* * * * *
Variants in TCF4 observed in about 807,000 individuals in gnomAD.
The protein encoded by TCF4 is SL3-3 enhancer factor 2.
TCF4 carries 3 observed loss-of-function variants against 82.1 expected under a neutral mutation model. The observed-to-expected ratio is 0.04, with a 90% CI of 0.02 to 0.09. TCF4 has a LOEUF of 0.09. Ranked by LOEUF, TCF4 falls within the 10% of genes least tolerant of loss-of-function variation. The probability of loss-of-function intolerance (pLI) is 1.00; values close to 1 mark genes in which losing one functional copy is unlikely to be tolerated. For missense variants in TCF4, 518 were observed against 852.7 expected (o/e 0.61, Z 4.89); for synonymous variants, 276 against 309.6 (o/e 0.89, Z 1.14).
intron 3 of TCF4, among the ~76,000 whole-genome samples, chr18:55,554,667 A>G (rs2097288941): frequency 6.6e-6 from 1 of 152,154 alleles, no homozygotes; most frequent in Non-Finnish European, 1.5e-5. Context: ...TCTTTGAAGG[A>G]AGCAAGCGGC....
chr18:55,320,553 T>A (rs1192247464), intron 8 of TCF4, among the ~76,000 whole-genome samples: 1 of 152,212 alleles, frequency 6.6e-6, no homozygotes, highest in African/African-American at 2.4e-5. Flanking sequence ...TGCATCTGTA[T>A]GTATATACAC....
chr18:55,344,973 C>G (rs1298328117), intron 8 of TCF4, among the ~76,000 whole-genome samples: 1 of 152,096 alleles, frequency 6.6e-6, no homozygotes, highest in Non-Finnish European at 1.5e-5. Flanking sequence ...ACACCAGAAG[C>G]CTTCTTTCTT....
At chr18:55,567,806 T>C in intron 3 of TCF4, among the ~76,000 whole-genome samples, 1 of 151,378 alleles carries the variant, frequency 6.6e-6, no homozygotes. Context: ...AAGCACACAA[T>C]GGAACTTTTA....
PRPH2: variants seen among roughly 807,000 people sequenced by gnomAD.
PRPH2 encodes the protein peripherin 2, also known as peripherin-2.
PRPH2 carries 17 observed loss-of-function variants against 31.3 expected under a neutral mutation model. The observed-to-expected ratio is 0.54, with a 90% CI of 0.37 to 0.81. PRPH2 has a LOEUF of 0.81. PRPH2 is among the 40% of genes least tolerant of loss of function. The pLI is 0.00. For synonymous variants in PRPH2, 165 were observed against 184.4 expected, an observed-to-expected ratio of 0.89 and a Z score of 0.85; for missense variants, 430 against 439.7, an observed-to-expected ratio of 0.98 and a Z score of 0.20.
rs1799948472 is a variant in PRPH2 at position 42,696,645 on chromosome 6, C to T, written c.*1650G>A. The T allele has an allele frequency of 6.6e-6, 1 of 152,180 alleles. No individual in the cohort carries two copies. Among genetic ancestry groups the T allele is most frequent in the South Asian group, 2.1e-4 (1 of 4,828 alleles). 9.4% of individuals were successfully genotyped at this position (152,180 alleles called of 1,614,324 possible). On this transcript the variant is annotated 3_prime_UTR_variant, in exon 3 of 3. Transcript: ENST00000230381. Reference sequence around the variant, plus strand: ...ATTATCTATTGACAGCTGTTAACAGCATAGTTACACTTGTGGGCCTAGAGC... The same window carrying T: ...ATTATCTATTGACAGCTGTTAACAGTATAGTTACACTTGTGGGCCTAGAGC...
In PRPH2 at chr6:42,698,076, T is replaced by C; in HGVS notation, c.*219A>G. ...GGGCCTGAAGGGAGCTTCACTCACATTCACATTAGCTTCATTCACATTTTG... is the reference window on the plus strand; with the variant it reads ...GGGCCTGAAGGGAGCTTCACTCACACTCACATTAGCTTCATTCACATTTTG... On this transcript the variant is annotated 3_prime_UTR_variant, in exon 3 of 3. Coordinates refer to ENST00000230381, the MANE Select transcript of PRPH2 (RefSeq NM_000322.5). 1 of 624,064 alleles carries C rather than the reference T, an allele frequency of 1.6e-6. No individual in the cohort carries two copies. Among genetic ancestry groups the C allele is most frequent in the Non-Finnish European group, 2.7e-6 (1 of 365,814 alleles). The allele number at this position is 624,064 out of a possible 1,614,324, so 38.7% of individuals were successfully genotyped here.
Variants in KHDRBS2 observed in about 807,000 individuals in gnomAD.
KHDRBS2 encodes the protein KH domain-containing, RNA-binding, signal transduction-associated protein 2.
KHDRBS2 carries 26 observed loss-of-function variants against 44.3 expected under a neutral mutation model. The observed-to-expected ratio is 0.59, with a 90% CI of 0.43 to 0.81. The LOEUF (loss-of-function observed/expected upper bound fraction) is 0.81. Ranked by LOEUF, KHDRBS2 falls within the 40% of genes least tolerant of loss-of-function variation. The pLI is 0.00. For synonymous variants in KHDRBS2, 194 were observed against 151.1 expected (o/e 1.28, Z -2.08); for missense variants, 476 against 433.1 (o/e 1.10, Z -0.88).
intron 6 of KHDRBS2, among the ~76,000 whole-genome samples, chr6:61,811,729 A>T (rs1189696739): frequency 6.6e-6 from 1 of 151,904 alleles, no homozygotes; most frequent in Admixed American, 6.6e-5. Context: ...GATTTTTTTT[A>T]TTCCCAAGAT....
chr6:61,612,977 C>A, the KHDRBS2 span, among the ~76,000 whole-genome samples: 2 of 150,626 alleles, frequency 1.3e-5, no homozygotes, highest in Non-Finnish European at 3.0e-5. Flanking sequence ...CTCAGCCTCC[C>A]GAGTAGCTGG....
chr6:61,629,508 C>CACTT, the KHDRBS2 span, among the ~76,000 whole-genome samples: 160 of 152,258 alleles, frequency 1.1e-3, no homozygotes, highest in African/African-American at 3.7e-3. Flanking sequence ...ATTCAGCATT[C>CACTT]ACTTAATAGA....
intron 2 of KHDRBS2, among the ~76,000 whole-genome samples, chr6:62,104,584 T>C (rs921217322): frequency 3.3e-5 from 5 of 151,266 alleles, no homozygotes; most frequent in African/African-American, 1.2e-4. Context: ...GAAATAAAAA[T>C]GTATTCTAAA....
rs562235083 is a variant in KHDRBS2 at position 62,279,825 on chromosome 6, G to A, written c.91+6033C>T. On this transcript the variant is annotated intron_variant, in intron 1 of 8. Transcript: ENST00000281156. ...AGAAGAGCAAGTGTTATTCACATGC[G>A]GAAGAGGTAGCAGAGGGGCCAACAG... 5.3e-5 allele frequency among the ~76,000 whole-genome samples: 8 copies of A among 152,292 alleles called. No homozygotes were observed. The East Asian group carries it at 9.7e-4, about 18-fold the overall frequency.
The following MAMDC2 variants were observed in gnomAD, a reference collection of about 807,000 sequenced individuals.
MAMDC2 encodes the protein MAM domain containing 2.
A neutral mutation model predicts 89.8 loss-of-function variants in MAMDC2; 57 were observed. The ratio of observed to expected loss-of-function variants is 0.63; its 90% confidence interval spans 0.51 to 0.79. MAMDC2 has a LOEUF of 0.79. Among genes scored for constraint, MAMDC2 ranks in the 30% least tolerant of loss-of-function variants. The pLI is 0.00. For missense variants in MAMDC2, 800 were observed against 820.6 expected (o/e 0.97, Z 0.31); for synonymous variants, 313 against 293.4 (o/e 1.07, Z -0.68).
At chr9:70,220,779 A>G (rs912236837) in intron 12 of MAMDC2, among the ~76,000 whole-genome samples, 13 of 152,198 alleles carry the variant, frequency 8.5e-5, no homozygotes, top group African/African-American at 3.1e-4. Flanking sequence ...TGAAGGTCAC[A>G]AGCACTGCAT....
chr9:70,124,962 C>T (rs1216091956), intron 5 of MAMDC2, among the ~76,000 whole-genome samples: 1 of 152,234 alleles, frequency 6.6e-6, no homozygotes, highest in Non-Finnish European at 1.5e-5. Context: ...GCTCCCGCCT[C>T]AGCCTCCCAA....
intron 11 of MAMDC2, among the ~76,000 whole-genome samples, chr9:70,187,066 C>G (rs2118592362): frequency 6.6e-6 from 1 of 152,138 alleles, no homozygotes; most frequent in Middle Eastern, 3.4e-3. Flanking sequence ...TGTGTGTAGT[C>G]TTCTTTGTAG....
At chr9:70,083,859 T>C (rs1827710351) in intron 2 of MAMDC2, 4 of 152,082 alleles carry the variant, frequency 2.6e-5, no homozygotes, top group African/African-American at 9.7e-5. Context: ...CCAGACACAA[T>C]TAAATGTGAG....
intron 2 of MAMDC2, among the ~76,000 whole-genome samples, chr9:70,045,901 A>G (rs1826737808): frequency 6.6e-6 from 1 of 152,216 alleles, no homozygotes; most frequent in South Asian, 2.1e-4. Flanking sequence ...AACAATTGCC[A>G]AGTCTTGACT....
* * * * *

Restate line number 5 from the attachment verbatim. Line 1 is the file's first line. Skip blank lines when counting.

chr18:55,320,553 T>A (rs1192247464), intron 8 of TCF4, among the ~76,000 whole-genome samples: 1 of 152,212 alleles, frequency 6.6e-6, no homozygotes, highest in African/African-American at 2.4e-5. Flanking sequence ...TGCATCTGTA[T>A]GTATATACAC....